The Sketch: One urgent problem: the PM is having his cake and eating it

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The Independent Online

It's very unusual, unprecedented, perhaps, to see the Prime Minister lose an argument. We never really know what's going on, or why. Only by indirect observations can we guess at whether or not the Bill is well founded, or based on some fundamental flaw.

It's very unusual, unprecedented, perhaps, to see the Prime Minister lose an argument. We never really know what's going on, or why. Only by indirect observations can we guess at whether or not the Bill is well founded, or based on some fundamental flaw.

Yesterday, he was confronted by a question that goes to the heart of the principle of control orders. The IRA has offered to shoot the recent bar-room murderers in Northern Ireland. These men are terrorists. Their names and addresses are known. Their offer of murder is documented. Yet they aren't even to be called in for questioning. What was the Prime Minister going to do about it, Ian Paisley asked?

"It is not a matter for me," the Prime Minister said with a particular, constitutional piety. But if he has all the contact details of a full-blown conspiracy by terrorists and won't act ... why should he be able to bang people up because their eyes are too close together?

Is the Bill really urgent? He says we must have the law on the books immediately or we will wake up defenceless on Monday morning.

That is entirely untrue. The existing provisionscan be extended for eight months by a simple statutory instrument. David Heath, for the Liberal Democrats, said: "The Government has leftit all till the last moment and then declared it an emergency."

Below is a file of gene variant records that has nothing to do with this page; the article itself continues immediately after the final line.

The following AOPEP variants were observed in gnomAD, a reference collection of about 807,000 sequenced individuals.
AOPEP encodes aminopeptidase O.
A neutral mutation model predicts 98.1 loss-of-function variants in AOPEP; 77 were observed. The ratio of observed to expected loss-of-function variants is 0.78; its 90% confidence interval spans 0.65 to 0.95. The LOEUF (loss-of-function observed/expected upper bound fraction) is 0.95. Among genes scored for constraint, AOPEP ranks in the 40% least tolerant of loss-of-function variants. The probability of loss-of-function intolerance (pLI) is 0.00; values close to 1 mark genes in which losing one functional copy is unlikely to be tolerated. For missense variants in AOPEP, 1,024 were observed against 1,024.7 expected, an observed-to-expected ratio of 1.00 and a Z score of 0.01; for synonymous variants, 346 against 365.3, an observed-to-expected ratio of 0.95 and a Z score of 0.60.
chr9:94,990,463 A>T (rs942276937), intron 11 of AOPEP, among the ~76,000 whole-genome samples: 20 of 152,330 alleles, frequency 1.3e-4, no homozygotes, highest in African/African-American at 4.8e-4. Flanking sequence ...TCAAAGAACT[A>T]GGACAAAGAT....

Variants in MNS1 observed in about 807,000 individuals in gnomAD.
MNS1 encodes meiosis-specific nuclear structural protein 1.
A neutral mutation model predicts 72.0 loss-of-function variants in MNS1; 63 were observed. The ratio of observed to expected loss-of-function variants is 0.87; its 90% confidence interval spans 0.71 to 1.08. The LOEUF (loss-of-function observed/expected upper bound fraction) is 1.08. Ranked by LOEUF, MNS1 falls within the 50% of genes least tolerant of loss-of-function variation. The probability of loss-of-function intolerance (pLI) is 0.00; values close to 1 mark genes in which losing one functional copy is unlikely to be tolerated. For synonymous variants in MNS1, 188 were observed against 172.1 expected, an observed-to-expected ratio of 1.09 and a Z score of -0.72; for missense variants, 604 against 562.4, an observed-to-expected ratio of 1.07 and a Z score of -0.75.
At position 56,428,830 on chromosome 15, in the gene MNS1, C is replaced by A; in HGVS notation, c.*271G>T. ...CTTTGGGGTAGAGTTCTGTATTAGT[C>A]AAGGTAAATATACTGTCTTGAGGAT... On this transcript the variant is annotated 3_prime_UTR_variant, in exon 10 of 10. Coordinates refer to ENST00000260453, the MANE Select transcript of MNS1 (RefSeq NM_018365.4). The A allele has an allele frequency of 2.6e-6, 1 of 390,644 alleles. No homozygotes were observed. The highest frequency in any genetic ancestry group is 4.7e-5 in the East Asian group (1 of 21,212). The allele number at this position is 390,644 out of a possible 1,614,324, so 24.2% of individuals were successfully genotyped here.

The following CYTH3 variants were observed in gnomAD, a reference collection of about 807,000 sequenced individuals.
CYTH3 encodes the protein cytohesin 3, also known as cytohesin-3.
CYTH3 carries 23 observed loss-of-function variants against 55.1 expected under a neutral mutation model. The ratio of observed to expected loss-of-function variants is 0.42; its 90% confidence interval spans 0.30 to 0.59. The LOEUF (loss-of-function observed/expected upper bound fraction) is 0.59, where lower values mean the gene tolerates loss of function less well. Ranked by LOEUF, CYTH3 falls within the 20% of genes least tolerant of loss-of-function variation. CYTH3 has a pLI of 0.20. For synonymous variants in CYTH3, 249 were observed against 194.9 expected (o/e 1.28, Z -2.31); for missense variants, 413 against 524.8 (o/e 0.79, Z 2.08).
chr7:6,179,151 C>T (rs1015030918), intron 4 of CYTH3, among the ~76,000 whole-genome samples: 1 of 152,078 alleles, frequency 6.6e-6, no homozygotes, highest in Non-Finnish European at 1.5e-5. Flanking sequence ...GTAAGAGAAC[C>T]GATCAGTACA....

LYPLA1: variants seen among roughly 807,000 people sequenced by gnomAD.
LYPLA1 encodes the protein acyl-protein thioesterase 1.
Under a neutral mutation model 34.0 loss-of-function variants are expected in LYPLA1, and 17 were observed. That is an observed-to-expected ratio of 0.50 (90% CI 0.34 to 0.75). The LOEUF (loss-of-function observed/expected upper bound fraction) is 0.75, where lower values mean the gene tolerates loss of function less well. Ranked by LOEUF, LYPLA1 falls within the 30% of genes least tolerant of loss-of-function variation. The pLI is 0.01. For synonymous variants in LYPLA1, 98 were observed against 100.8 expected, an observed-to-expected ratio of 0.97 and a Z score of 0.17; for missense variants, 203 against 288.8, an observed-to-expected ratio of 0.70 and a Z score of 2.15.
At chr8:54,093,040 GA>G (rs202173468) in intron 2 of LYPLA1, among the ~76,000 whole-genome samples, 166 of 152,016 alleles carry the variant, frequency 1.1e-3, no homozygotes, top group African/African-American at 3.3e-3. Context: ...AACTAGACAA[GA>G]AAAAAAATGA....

How about a sunset clause? The Tories will support the Bill if they geta chance to debate the proposals thoroughly towards the end of this year.

Mr Blair has two equal and opposite reasons for rejecting that. Yesterday, he said that a sunset clause will "send the wrong signal" to terrorists. He wants to signal to terrorists that "this is on the books and will stay on the books".

But then he also says there is a sunset clause already in the Bill (it has to be renewed annually). Mr Blair has found a way to have his cake and eat it (he passes it through his system first).

He said that the police and security told him directly that a sunset clause was undesirable. That was obviously untrue. If it was true it was irrelevant.

"Three hours in total, to discuss the whole thing," Ken Clarke pointed out, on behalf of the Commons. In the rush, some very serious issues are merely glanced at. Evidence acquired from torture will be admissible in these special courts. The judicial review process (which has bought off the rebels) has ­ according to Bob Marshall-Andrews ­ no power to look at anything other than procedure and law, and that provision was in the Bill already.

So what does the Bill mean? None of the terms are defined. What is urgency? What is national security? What is terrorism?

We do, however, know what is meant by detention without trial (or witnesses, or evidence, or charge).

simoncarr75@hotmail.com

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